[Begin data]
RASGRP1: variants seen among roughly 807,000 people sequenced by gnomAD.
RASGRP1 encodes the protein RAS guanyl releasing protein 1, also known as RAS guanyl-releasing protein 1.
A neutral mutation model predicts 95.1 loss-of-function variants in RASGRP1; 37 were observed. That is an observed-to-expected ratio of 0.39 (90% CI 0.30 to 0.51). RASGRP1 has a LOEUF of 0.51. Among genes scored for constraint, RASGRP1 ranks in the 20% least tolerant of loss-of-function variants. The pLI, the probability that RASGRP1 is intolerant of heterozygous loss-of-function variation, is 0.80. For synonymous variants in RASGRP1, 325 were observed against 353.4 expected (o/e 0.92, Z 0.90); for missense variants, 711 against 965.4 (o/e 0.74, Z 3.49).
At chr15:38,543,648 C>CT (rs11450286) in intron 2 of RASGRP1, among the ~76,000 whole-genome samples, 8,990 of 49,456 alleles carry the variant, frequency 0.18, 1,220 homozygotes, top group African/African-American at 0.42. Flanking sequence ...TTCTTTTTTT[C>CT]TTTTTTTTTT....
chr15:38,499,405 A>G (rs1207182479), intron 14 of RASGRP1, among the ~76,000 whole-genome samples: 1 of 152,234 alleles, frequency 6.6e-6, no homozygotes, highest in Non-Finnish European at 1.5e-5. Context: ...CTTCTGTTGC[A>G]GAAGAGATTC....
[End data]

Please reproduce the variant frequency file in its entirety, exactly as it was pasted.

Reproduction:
RASGRP1: variants seen among roughly 807,000 people sequenced by gnomAD.
RASGRP1 encodes the protein RAS guanyl releasing protein 1, also known as RAS guanyl-releasing protein 1.
A neutral mutation model predicts 95.1 loss-of-function variants in RASGRP1; 37 were observed. That is an observed-to-expected ratio of 0.39 (90% CI 0.30 to 0.51). RASGRP1 has a LOEUF of 0.51. Among genes scored for constraint, RASGRP1 ranks in the 20% least tolerant of loss-of-function variants. The pLI, the probability that RASGRP1 is intolerant of heterozygous loss-of-function variation, is 0.80. For synonymous variants in RASGRP1, 325 were observed against 353.4 expected (o/e 0.92, Z 0.90); for missense variants, 711 against 965.4 (o/e 0.74, Z 3.49).
At chr15:38,543,648 C>CT (rs11450286) in intron 2 of RASGRP1, among the ~76,000 whole-genome samples, 8,990 of 49,456 alleles carry the variant, frequency 0.18, 1,220 homozygotes, top group African/African-American at 0.42. Flanking sequence ...TTCTTTTTTT[C>CT]TTTTTTTTTT....
chr15:38,499,405 A>G (rs1207182479), intron 14 of RASGRP1, among the ~76,000 whole-genome samples: 1 of 152,234 alleles, frequency 6.6e-6, no homozygotes, highest in Non-Finnish European at 1.5e-5. Context: ...CTTCTGTTGC[A>G]GAAGAGATTC....